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Tribal Historical Overview - 1900s

Intro | Trade | Laws and Treaties | Early Reservation Life | Change | 1900s | Economic and Social Change | Present Day

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At the turn of the 20th century, Indian lands were a primary focus of government interest. It was evident to the white man that the Indians had too much land. Continuous pressure was brought to bear on Congress and the federal government by many outside interests. Through the successive allotment acts and encroachment, Indian lands were being lost at a phenomenal rate.

Jurisdiction over Indian lands continued to be the responsibility of the Bureau of Indian Affairs, but seemed likely to disappear as the Indians became independent landowners when they received patents and ownership of their own lands. It was the Indian Bureau’s idea of ending the task of administering Indian lands by allowing millions of acres of their lands to be transferred to white ownership.

In the 1901 Annual Report of the Indian Commissioner, Agent Richards stated that the annuities had expired and the agency would have to operate on the savings from the ten installments they had received since 1891. The agent thought they could sell a strip of land twelve miles wide on the north side of the reservation. A special agent later that year suggested selling off 200,000 acres on the west side. Congress passed a law on March 3, 1901 to provide employment of a number of special agents to visit Indian reservations and negotiate for the sale of “surplus” lands.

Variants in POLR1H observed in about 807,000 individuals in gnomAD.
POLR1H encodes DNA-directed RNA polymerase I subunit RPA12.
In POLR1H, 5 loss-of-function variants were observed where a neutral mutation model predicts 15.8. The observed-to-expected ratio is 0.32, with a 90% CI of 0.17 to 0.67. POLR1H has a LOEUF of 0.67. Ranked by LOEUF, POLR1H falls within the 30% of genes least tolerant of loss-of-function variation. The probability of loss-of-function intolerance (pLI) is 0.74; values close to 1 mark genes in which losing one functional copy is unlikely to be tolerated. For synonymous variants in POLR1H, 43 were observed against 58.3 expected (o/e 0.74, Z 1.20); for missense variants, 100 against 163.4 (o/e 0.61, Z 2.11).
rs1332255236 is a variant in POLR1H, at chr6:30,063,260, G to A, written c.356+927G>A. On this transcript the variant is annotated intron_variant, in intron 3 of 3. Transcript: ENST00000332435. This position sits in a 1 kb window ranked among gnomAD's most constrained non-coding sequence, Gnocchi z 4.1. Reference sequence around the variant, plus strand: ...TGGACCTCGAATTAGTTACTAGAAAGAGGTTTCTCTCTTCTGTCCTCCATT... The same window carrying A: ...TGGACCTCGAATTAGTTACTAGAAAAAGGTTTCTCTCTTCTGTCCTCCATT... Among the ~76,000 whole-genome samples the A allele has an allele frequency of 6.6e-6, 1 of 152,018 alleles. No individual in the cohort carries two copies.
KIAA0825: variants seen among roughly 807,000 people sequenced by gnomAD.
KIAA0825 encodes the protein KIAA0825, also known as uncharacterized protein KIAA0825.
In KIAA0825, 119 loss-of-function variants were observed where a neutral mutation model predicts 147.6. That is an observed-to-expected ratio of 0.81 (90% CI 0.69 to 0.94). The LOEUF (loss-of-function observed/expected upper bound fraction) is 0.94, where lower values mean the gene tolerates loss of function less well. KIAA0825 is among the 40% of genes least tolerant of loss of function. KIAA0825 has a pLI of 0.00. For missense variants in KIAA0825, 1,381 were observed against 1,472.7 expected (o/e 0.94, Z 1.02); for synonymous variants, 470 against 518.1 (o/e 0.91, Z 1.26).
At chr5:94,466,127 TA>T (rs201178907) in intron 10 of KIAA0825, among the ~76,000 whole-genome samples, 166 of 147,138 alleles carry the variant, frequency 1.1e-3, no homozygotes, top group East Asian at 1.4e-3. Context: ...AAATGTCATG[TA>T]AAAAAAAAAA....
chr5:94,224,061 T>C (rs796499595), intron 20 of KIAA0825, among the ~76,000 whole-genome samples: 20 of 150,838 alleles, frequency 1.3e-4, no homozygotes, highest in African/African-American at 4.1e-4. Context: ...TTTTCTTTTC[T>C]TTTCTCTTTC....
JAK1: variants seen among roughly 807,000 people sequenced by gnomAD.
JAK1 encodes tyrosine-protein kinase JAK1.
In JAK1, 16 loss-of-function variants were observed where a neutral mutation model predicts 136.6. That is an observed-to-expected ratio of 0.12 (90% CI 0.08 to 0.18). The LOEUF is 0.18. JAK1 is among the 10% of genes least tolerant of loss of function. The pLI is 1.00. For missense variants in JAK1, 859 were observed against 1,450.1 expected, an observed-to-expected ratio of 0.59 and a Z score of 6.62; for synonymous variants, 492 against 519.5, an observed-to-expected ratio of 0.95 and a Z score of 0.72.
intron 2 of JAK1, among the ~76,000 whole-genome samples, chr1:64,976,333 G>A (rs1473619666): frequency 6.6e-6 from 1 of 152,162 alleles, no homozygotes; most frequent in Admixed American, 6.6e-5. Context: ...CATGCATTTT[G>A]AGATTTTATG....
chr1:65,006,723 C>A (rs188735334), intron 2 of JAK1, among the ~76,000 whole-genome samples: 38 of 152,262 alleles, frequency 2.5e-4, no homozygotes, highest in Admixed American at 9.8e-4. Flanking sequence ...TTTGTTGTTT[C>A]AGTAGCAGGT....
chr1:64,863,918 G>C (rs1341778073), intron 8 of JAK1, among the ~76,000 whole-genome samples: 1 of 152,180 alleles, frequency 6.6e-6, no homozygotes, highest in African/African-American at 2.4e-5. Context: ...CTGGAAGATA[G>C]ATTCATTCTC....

James McLaughlin, veteran agent with many tribes, arrived at Fort Berthold in June, 1902. He proposed that the Mandan, Hidatsa, and Arikara/Sahnish sell about 315,000 acres of their land. They opposed the sale. Upon reaching an agreement, the tribes agreed to sell 208,000 acres at $1.25 per acre, to build a fence, and to purchase bulls, mares, mowing machines, and rakes. The remaining funds were to be distributed equally to each individual. For unknown reasons, this proposal submitted to Congress was never ratified. A bill was introduced opening reservation land. The tribes objected because the government failed to hold a council with them and get their consent to the proposed legislation.

The Act of June 1, 1910, provided for the outright cession of 21 townships (13 full townships and 8 partial townships) and the rest of the reservation north and east of the Missouri River except for allotments made to individuals. Certain lands were also reserved for agency, school, and mission purposes on the left bank of the river, and provision was also made for the protection of the site of Like-A-Fishhook Village. Allotments of 160 acres of agricultural land, or 320 acres of grazing land, were to be made to every member of the Three Tribes over and above all previous allotments.

Missouri River bridge and Crow High Butte.
The Verendrye Bridge crossing the Missouri River at Sahnish.
The bridge was constructed in 1927 and the view is taken from
nearby Crow’s High Butte. (State Historical Society of North
Dakota, 0739-v1)

Individuals were to receive a sum equal to the appraised value, not a flat sum as proposed. Although this represented a victory for the Indians, not all were satisfied. The reservation was becoming a narrow strip on both sides of the Missouri River. More land went out of Indian ownership.

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